La concentración urinaria máxima con privación de agua o en respuesta a la administración de hormona antidiurética, es menor en la chinchilla que en la rata albina y no se observa reducción en la concentración urinaria de sodio bajo privación de comida en la chinchilla. Se está analizando la posibilidad de una sensibilidad alterada a la hormona antidiurética o a los mineralocorticoides. Un autor ha comentado que, comparada con otros roedores, C. laniger se parece a las especies desertícolas en su capacidad para extraer agua útil de soluciones concentradas de NaCl.

En la práctica clínica hemos observado gran variabilidad en el color de la orina. Desde orinas de color amarillento muy poco acusado a orinas de color rojizo intenso. Los cristales de calcio son frecuentes pero no están siempre presentes y la cantidad en que aparecen es muy variable. En las siguientes imágenes vemos la orina de 6 chinchillas mantenidas en la misma jaula y con la misma alimentación. Se puede apreciar el distinto color y el diferente grado de presencia de cristales de carbonato de calcio.


Están a nuestro alcance otros datos referentes a la funcionalidad renal que hemos podido hallar citados fundamentalmente en estudios urológicos referidos a otras especies animales, especialmente la rata. De momento os ofrecemos estos datos en inglés. Según los vayamos traduciendo los iremos poniendo en español.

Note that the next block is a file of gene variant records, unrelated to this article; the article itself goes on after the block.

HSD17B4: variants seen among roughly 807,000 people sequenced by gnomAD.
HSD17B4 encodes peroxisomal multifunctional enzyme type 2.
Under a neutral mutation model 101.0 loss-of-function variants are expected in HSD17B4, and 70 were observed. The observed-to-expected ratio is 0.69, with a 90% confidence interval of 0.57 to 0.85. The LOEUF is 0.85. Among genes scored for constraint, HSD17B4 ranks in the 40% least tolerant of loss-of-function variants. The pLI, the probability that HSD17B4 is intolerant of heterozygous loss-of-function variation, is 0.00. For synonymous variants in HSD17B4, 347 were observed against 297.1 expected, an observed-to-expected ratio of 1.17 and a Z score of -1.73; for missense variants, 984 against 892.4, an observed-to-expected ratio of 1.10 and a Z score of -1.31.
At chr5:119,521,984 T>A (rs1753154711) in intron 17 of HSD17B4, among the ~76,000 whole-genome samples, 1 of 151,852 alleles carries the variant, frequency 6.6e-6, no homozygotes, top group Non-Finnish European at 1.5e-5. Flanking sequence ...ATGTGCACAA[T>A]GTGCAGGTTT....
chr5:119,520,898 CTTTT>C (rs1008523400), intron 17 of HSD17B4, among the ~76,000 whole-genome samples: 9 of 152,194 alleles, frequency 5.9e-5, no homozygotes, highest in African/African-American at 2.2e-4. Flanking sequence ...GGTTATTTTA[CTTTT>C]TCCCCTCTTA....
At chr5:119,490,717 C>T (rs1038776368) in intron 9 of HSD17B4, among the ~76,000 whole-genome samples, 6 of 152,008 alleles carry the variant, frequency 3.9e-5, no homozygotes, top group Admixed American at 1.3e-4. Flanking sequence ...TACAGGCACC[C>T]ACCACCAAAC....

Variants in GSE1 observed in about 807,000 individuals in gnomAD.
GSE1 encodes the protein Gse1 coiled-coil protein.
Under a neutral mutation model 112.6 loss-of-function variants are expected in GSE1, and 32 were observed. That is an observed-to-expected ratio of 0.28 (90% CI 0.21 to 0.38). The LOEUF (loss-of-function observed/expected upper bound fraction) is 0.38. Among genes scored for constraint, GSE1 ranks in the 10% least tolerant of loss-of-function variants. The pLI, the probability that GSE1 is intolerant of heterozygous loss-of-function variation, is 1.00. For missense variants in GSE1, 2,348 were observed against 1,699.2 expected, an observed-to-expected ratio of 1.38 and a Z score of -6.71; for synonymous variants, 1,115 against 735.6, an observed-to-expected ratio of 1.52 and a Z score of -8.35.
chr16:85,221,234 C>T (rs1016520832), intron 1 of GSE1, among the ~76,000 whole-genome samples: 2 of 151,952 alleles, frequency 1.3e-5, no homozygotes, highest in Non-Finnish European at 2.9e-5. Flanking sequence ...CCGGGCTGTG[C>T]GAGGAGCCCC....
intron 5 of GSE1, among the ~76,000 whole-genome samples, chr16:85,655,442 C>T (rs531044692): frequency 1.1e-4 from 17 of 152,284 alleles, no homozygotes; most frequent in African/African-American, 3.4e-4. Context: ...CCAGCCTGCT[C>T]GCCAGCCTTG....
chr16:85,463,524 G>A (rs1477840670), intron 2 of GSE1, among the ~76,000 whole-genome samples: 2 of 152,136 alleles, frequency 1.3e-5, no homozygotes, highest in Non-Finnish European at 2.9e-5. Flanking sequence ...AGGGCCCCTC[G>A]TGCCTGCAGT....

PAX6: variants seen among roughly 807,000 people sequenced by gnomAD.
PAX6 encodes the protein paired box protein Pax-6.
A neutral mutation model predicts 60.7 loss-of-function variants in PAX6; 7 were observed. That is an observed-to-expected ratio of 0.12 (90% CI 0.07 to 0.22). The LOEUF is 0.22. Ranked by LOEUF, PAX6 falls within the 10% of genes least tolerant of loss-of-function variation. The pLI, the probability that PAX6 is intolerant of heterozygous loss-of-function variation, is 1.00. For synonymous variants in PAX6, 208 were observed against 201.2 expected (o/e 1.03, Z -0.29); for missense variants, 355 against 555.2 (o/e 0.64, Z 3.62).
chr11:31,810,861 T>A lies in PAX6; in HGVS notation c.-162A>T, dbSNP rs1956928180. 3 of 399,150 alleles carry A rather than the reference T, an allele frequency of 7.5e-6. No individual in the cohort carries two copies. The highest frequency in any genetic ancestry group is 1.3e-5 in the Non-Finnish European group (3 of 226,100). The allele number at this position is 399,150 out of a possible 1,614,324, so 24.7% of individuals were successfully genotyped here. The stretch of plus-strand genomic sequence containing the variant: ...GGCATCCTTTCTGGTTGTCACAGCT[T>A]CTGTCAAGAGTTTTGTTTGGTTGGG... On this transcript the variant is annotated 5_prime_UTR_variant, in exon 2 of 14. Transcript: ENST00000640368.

4 This explicit model analysis of solute and water exchanges within the medulla confirms the general patterns that have been predicted based on anatomy and permeability data while pointing to some discrepancies, especially concerning the micropuncture data on urea absorption by short nephrons and the supposed profiles along the IMCD. A more serious problem pointing, in this author’s opinion, to some fundamental lack in the present formulation, is that this model and all previous models of this system predict a lower instead of steeper inner medullary gradient if permeabilities along the inner medullary LDL are raised, whereas these permeabilities are uniformly found to be higher in species that concentrate better than in those that do not. In a recent study aimed specifically at this question, Layton et al. (21) confirmed, in chinchilla kidneys, the high urea permeability of LDL under conditions resembling those in vitro as closely as possible. This issue thus remains central to the question of the inner medullary concentrating mechanism.